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Gastroesophageal Reflux Disease


What is gastroesophageal reflux disease?

Gastroesophageal reflux disease (GERD) occurs when acid and food in the stomach back up into the esophagus.

What causes GERD?

GERD often occurs when the lower muscle (sphincter) of the esophagus does not close properly. The sphincter normally opens to let food into the stomach. It then closes to keep food and stomach acid in the stomach. If the sphincter does not close properly, stomach acid and food back up (reflux) into the esophagus. The following may increase your risk for GERD:

  • Certain foods that contain caffeine, chocolate, peppermint, and fried or fatty foods
  • Hiatal hernia
  • Medicines, such as NSAIDs, aspirin, or some antibiotics
  • Weight gain or pregnancy
  • Lying down after a meal
  • Cigarettes or alcohol

What are the signs and symptoms of GERD?

Heartburn is the most common symptom of GERD. You may feel burning pain in your chest or below the breast bone. This usually occurs after meals and spreads to your neck, jaw, or shoulder. You may also have any of the following:

  • Bitter or acid taste in your mouth
  • Coughing, choking, or shortness of breath
  • Trouble or difficulty swallowing
  • Frequent burping or hiccups
  • Vomiting blood or having black, tarry bowel movements
  • Weight loss without trying

How is GERD diagnosed?

Your healthcare provider will ask about your symptoms and when they started. Tell him about other medical conditions you have, your eating habits, and your activities. You may also need any of the following:

  • Esophageal pH monitoring is used to place a small probe inside your esophagus and stomach to check the amount of acid.
  • An endoscopy is a procedure used to look at the inside of your esophagus and stomach. An endoscope is a bendable tube with a light and camera on the end. Your healthcare provider may remove a small sample of tissue and send it to a lab for tests.
  • Upper GI x-rays are done to take pictures of your stomach and intestines (bowel). You may be given a chalky liquid to drink before the pictures are taken. This liquid helps your stomach and intestines show up better on the x-rays.
  • Esophageal manometry is a test that shows how your esophagus pushes food and fluid to your stomach. It also shows the pressures in your esophagus and stomach. It may show a hiatal hernia.

How is GERD treated?

  • Medicines are used to decrease stomach acid. Medicine may also be used to help your lower esophageal sphincter and stomach contract (tighten) more.
  • Surgery is done to wrap the upper part of the stomach around the esophageal sphincter. This will strengthen the sphincter and prevent reflux.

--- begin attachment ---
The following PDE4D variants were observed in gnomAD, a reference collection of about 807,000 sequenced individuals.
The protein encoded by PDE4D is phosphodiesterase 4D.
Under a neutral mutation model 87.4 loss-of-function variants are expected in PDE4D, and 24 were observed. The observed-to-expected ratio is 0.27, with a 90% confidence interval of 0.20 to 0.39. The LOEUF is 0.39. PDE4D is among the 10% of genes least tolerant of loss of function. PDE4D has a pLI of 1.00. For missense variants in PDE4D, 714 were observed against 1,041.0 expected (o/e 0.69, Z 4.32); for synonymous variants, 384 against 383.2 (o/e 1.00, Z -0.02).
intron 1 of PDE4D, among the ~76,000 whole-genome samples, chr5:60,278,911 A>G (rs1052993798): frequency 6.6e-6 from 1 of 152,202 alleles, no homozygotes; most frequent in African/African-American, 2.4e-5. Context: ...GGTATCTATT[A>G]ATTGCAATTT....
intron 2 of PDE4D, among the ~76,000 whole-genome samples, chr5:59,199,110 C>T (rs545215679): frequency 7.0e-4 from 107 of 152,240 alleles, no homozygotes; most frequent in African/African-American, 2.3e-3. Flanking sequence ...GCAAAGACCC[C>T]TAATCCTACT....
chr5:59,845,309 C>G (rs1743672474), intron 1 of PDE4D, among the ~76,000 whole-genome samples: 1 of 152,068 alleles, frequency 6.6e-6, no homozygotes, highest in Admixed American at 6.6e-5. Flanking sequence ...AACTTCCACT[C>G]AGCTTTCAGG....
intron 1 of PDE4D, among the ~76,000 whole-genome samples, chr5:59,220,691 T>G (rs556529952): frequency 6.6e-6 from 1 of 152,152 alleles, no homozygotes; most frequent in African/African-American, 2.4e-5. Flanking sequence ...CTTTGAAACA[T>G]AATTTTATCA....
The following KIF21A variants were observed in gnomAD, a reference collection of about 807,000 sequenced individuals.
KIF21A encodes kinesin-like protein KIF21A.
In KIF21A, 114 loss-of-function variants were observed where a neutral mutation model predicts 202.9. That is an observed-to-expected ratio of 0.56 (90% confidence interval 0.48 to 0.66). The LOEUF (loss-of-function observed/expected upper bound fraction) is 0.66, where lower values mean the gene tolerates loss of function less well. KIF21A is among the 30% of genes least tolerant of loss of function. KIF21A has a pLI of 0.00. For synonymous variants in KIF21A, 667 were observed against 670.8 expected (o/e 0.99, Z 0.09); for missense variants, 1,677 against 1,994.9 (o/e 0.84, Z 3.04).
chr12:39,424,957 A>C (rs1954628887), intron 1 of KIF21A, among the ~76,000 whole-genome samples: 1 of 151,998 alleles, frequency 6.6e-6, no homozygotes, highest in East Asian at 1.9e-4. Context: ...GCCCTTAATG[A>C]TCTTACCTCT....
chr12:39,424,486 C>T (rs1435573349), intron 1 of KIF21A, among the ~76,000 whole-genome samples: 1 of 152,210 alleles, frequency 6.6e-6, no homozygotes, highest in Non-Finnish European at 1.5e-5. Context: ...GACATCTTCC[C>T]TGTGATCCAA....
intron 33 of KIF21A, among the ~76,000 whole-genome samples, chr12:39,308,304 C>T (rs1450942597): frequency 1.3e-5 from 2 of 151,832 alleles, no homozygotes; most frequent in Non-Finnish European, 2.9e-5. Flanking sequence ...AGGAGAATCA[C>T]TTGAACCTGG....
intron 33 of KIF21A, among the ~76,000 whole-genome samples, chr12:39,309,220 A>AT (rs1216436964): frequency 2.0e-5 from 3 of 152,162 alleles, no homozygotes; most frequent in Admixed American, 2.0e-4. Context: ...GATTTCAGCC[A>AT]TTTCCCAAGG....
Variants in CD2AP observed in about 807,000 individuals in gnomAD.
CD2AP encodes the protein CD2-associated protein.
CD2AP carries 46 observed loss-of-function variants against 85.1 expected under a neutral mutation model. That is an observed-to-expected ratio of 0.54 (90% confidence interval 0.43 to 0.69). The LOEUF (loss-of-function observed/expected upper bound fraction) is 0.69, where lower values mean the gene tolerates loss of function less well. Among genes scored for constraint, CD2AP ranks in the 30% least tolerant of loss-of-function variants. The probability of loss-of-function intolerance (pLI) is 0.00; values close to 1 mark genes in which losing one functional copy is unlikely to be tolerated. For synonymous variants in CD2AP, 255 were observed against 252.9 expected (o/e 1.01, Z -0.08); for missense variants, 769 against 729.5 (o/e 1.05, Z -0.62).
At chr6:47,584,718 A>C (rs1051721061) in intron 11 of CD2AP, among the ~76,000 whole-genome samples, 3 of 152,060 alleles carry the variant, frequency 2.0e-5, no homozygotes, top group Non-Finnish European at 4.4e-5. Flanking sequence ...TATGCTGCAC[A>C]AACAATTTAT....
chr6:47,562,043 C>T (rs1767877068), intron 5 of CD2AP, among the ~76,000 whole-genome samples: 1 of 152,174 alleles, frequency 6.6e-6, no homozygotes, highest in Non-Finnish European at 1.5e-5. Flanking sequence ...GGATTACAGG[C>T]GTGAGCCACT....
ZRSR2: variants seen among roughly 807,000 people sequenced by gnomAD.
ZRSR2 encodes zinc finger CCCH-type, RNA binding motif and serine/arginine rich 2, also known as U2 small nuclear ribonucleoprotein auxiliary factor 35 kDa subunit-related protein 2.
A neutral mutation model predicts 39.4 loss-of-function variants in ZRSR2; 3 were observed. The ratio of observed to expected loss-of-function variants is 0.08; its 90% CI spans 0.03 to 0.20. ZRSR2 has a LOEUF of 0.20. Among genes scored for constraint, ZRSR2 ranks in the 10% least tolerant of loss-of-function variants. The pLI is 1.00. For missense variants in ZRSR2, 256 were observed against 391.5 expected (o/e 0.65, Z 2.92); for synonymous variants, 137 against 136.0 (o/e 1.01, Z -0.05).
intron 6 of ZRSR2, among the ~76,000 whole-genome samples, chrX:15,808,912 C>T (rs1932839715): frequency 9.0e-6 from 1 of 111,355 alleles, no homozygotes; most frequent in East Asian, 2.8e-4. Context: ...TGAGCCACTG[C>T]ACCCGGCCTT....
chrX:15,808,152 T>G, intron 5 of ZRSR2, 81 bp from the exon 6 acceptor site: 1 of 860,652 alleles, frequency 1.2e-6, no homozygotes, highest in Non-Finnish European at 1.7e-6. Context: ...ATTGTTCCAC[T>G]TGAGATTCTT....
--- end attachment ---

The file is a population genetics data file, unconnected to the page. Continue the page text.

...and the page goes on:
How can I help prevent GERD?

  • Do not have foods or drinks that may increase heartburn. These include chocolate, peppermint, fried or fatty foods, and drinks that contain caffeine. Do not have foods or drinks that can irritate your esophagus, such as citrus fruits, juices, and alcohol.
  • Do not eat large meals. When you eat a lot of food at one time, your stomach needs more acid to digest it. Eat 6 small meals each day instead of 3 large ones, and eat slowly. Do not eat meals 2 to 3 hours before bedtime.
  • Elevate the head of your bed. Place 6-inch blocks under the head of your bed frame. You may also use more than one pillow under your head and shoulders while you sleep.
  • Maintain a healthy weight. If you are overweight, weight loss may help relieve symptoms of GERD.
  • Do not smoke. If you smoke, it is never too late to quit. Smoking weakens the lower esophageal sphincter. Ask for information if you need help quitting.

When should I contact my healthcare provider?

  • Your symptoms get worse or do not improve with treatment.
  • You have questions or concerns about your condition or care.

When should I seek immediate care?

  • You feel full and cannot burp or vomit.
  • You have severe chest pain and sudden trouble breathing.
  • Your bowel movements are black, bloody, or tarry-looking.
  • Your vomit looks like coffee grounds or has blood in it.

Care Agreement

You have the right to help plan your care. Learn about your health condition and how it may be treated. Discuss treatment options with your caregivers to decide what care you want to receive. You always have the right to refuse treatment. The above information is an educational aid only. It is not intended as medical advice for individual conditions or treatments. Talk to your doctor, nurse or pharmacist before following any medical regimen to see if it is safe and effective for you.

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